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3/11/2018 1:17:00 PM
Drug seizure money funds 100 car seats in Harrison County
A row of cars line up outside the Harrison County Superior Court Saturday. Parents and guardians inside are waiting for a free car seat courtesy of the prosecutor's office and forfeited cash.  Staff photo by Erin Walden
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A row of cars line up outside the Harrison County Superior Court Saturday. Parents and guardians inside are waiting for a free car seat courtesy of the prosecutor's office and forfeited cash.  Staff photo by Erin Walden

Erin Walden, News and Tribune Education Reporter

CORYDON — Two-year-old Jackson rode to the county courthouse in a car seat that was, unbeknown to his mother, unsafe. When they got there volunteers threw away his old seat, measured his height, pulled a brand new car seat out of a box and installed it in his mom’s car. He climbed in and tried it out — too small. They pulled another new car seat, one with a five-point harness, and just like Goldilocks, the third one was just right.

Jackson is one of many children in Harrison County who are traveling safer now thanks to a program that allows families to get a free car seat, sized right and properly installed.

The idea, and funding, for the outreach came from a seemingly unlikely place: Harrison County Prosecutor Otto Schalk.

“As a prosecutor, you deal with all kinds of evil in the world,” he said. “At a certain point you grow callous to it but every time you look at a photo of a child thats been severely injured or deceased as a result of a car accident, knowing it could have been prevented, that’s what led me to do this.”

The funding for the program, $5,000 this year, comes from money seized in drug busts. Schalk says it’s a way for everyone to benefit from the forfeited money, not just law enforcement.

The money went to 100 car seats this year and on Saturday, parents and guardians in their cars lined up in a parking lot outside the Harrison County Superior Court to get an upgrade and lesson in car seat safety.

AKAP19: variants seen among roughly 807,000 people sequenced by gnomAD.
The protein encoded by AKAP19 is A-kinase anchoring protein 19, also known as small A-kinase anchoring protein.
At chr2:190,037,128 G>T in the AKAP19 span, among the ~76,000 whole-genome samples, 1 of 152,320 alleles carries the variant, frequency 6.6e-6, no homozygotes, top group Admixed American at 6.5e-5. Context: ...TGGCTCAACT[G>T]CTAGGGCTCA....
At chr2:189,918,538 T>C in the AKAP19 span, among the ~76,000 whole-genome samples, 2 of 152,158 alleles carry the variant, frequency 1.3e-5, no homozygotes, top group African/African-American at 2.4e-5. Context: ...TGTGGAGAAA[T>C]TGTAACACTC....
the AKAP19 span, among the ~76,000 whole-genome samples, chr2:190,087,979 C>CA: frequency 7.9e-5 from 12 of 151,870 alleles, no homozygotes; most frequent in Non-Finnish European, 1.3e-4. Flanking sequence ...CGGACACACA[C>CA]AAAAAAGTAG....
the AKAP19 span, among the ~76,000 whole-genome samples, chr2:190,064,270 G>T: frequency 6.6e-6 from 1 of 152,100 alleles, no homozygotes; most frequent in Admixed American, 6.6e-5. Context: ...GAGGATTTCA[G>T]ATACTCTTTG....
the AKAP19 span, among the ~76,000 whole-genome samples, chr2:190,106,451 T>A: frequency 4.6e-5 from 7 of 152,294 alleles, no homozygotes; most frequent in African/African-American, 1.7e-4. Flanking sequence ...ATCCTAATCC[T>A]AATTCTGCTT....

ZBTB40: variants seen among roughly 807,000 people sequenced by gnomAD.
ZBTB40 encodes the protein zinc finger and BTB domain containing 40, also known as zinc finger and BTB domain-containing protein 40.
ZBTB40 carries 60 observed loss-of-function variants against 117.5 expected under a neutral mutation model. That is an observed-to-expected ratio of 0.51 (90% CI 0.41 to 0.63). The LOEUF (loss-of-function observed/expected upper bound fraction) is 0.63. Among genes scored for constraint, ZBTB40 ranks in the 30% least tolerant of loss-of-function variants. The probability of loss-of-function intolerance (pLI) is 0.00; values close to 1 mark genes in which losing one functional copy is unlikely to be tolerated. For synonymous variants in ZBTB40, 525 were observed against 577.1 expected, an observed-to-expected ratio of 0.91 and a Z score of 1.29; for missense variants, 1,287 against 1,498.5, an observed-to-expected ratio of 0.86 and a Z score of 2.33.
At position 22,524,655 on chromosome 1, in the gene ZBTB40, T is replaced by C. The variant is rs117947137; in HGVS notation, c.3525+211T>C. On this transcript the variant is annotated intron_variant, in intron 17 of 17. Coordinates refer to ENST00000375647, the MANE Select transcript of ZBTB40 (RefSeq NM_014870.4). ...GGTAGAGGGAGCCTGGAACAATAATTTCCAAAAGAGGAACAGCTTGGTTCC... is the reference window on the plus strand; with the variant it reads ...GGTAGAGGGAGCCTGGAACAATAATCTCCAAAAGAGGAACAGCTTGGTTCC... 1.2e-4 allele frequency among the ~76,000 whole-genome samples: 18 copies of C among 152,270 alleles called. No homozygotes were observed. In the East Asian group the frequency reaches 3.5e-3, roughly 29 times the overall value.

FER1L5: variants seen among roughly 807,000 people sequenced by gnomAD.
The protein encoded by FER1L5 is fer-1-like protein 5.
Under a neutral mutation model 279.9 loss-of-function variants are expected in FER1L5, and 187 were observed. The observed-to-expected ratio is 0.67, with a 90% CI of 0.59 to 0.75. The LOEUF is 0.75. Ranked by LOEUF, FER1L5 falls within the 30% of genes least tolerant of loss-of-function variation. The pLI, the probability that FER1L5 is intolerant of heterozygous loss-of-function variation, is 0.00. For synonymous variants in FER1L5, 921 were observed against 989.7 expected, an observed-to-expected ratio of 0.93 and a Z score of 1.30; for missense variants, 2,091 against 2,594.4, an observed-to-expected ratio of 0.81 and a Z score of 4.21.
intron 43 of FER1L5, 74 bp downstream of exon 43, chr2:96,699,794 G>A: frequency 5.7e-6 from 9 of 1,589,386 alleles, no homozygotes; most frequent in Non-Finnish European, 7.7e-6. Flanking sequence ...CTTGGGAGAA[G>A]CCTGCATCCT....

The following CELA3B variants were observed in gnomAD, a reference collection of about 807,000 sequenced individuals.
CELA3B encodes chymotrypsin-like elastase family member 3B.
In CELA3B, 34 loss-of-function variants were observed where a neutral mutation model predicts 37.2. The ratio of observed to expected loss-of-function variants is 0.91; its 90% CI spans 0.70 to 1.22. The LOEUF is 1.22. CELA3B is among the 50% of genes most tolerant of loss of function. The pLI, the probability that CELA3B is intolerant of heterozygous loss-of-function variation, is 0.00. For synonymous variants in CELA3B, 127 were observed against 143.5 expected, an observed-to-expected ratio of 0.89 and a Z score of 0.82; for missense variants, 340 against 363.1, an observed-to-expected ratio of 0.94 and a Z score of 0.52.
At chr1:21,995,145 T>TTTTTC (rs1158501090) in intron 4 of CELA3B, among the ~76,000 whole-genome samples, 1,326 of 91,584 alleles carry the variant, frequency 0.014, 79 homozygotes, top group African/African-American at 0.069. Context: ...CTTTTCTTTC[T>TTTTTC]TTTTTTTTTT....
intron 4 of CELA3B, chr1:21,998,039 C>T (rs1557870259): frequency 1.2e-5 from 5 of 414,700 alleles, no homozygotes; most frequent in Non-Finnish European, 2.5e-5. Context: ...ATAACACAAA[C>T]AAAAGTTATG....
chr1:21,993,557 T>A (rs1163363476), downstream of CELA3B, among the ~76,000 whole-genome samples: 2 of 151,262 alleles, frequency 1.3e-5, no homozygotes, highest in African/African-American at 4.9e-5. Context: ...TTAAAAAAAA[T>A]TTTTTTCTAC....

Cynthia Brown spent her day with a tape measure, checking the height of toddlers and making sure their new car seat was the perfect size for them and installed just so. Brown’s duties as a chairperson for Safe Kids Harrison County, a coalition that does similar work in the county, made her an expert volunteer.

According to Brown, the most important thing parents should look at when considering a car seat is the height and weight requirements. Those requirements can be found on the outside of the box and on the seat itself. According to Brown, until a child is 4-foot, 9-inches and 100 pounds, they need to be in some type of seat.

One thing not to consider when making a decision: unnecessary accessories. “It doesn’t always need to be bells and whistles because we’ve got different [car] sizes,” Brown said. “If you’ve got a small car you don’t want all the bells and whistles because it won’t fit. That doesn’t mean they aren’t gonna be as safe, all the seats are tested the same.”

The difference a properly-sized car seat installed correctly makes can be life or death, paramedic supervisor for EMS Shelton O’ Bannon said, and it’s all because of anatomy.

“Because of kids’ anatomical features they are very prone to head injuries,” he said. “Having a properly installed car seat for the weight is very important to reduce not only head injuries but all anatomical injuries of a child. Just because of a child’s weight, they do … bleed out very quickly when injured. The better they are secured in that vehicle, the more protection they have.”

There are even cases when not properly buckling in a child can lead to an indictment, Schalk said.

“Certainly if your children aren’t properly restrained and you’re in a motor vehicle accident, it could rise to [prosecution.] There are a lot of factors, but neglecting a dependent becomes part of the conversation,” Schalk said. “Anything we can do to make sure that children are being transported safely and securely, we are going to take every step we can.

"Most people think prosecutors only put people in jail and prison. That’s only a part of what we do. I think being a prosecutor means making sure that your county is safe, making sure people are productive members of the community.”

This is the second time Schalk has passed out car seats and based on the response, he anticipates he’ll be doing it again. One hundred seems to be the optimal number to hand out at one time he said, but making the process “more efficient” and doing it more often are on his mind.

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Editor, John C. DePrez Jr.; Executive Editor, Carol Rogers; Publishers: IBRC and IAR

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